Omega 3 fatty acids are known to help reduce LDL (“bad”) cholesterol levels, reduce triglyceride levels (fats from carbohydrate intake), increase HDL (“good”) cholesterol levels, and generally are beneficial to help reduce risk of cardiovascular disease. The reason is because HDL helps carry LDL (which attaches to your arteries and can cause high blood pressure, clots, etc.) to the liver for disposal.
There are three types of Omega 3 fatty acids that we find mostly in food: DHA, EPA and ALA. The body benefits from DHA, so EPA and ALA have to work in the body to develop into DHA. This causes absorption to be slightly affected and takes longer for the body to actually use the DHA.
Now let’s talk about the key Omega 3 fatty acids player: fish oil. Fatty fishes such as salmon, arctic char, mackerel and sardines have the highest levels, but consuming these fish frequently enough to benefit from their Omega 3 content can be difficult. Fish oil supplements help people achieve healthy levels of Omega 3. But the downside to fish oil is the primary component … fish. First, the fish needed to produce the supplements are a restricted resource. Second, those who don’t eat fish usually don’t wish to use the supplements, but they still need Omega 3.
Though a lot of various non-fish Omega 3 supplements have been developed, the newest member on the Omega 3 team, krill oil, is picking up a lot of steam in the media. Krill is a species of zooplankton (remember high school science class?) that is in abundance in the earth’s waters, contains a healthy dose of Omega 3 fatty acids DHA and EPA, and comes in phospholipid form. Phospholipids are used by our bodies already preferentially, so it has been hypothesized — but not yet proven — that we absorb Omega 3s in phospholipid form better.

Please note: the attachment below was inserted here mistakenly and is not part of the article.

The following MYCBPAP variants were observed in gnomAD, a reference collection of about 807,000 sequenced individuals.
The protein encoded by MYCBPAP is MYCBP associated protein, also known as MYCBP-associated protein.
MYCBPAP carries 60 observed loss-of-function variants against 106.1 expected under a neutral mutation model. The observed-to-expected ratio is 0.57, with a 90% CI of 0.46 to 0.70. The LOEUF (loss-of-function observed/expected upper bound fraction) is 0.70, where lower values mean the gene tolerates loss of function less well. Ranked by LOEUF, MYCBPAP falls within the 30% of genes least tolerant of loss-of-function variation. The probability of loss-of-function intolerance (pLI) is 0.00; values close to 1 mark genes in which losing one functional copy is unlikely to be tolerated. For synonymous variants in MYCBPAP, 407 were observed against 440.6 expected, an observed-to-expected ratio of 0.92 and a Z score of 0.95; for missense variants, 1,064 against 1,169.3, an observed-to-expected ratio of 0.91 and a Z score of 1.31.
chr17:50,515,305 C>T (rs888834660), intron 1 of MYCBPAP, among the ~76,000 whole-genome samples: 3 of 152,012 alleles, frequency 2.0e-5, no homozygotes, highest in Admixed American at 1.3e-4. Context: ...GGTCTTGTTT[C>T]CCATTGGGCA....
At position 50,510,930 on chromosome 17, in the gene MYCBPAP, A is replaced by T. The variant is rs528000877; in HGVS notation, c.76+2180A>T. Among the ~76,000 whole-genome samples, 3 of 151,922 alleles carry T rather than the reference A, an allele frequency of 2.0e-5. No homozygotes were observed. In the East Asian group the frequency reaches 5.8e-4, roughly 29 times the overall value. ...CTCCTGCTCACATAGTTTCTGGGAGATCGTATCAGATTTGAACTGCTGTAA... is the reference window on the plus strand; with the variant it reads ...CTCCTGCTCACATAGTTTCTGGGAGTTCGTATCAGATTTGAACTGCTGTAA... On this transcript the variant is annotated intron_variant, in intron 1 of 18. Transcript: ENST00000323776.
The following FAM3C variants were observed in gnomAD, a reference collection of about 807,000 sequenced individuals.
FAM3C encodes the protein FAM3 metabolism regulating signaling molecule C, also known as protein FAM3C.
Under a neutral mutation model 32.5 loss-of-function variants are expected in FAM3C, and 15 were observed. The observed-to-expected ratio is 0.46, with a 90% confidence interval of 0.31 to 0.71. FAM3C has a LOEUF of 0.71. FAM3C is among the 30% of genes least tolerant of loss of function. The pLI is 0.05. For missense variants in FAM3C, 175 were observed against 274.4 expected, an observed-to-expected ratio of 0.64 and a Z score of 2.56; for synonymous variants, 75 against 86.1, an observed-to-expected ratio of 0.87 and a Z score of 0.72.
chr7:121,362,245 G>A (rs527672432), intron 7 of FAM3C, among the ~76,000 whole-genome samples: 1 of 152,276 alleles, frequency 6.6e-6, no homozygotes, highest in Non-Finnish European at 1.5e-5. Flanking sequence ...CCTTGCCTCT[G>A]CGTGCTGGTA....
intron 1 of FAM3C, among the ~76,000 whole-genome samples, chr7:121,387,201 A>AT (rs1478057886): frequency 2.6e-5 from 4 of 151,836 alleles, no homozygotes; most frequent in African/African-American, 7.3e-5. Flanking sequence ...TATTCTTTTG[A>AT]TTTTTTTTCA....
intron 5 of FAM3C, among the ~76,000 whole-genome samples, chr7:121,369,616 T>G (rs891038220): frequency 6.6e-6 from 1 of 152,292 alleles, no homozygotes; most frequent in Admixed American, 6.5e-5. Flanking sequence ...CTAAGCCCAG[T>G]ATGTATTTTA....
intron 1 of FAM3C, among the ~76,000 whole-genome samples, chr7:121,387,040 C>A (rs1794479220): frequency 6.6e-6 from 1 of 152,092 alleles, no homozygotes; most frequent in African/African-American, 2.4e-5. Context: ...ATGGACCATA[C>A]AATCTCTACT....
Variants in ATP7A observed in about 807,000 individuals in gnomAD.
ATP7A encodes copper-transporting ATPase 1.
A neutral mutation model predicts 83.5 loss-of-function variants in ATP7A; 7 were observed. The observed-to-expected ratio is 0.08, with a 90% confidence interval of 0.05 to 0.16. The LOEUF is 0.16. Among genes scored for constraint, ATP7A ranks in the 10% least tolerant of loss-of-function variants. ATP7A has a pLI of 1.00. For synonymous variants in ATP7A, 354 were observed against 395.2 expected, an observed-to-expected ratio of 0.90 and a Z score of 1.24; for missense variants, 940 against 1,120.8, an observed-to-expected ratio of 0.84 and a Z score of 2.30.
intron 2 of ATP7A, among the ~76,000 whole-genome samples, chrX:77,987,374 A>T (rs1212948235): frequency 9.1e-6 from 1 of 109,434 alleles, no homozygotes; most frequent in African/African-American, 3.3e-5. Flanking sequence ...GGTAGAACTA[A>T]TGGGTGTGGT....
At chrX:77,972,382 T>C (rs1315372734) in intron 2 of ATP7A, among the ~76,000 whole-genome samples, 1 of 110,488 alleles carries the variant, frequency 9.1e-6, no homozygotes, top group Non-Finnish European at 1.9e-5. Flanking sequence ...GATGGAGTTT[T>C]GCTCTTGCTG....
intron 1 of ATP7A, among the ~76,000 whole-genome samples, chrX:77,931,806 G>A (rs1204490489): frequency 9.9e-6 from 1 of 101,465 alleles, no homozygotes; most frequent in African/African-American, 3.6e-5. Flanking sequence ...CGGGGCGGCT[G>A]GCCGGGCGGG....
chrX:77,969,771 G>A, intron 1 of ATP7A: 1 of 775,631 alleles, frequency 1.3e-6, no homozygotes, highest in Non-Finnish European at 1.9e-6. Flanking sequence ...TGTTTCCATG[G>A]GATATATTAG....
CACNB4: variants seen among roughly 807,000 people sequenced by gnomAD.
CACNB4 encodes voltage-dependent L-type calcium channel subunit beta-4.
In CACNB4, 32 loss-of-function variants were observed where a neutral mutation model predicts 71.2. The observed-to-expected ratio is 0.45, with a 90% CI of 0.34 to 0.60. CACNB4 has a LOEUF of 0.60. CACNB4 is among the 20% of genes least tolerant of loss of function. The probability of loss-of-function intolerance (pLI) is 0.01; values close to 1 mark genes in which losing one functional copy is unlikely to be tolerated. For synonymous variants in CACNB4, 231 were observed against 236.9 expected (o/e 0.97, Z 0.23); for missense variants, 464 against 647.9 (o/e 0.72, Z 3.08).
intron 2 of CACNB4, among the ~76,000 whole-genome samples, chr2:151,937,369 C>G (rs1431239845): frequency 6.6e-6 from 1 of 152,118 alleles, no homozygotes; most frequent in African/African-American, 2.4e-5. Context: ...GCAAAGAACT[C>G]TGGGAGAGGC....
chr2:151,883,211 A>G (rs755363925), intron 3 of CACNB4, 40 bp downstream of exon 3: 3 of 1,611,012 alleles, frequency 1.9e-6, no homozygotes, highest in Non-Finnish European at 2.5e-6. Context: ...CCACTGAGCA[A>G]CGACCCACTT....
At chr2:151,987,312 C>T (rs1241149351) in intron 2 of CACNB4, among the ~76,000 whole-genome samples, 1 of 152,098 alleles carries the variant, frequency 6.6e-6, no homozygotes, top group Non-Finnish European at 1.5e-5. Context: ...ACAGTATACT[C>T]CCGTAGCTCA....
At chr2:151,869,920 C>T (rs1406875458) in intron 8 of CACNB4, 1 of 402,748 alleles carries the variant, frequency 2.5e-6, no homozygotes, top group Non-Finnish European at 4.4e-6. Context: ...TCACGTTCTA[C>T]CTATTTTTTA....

Current research also shows that krill oil supplements have the same beneficial effect on increasing DHA and EPA levels as fish oil supplements, even though krill oil actually contains less DHA and EPA. This supports the hypothesis of the body’s preferred bioavailability of Omega 3s from krill oil over fish oil, but further research is needed to confirm this. Furthermore, the increase of HDL has the same triglyceride-reducing effect on the body as fish oil. In fact, these results have been found when using about 65 percent the amount of krill oil over fish oil. This means you actually need less krill oil to achieve the same benefits as fish oil. According to current research, it seems that krill oil supplements — in smaller doses — have the same benefits as fish oil supplements, though the regular intake of fish as part of a healthy diet is still recommended.
- Ulven SM, et al. Metabolic Effects of Krill Oil are Essentially Similar to Those of Fish Oil but at Lower Dose of EPA and DHA, in Healthy Volunteers. Lipids. 2011;46:37-46.
- Maki KC, et al. Krill oil supplementation increases plasma concentrations of eicosapentaenoic and docosahexaenoic acids in overweight and obese men and women. Nutrition Research. 2009;29:609-615.
- Cunningham, E. Are Krill Oil Supplements a Better Source of n-3 Fatty Acids than Fish Oil Supplements? Journal of the Academy of Nutrition and Dietetics. 2012;112:344.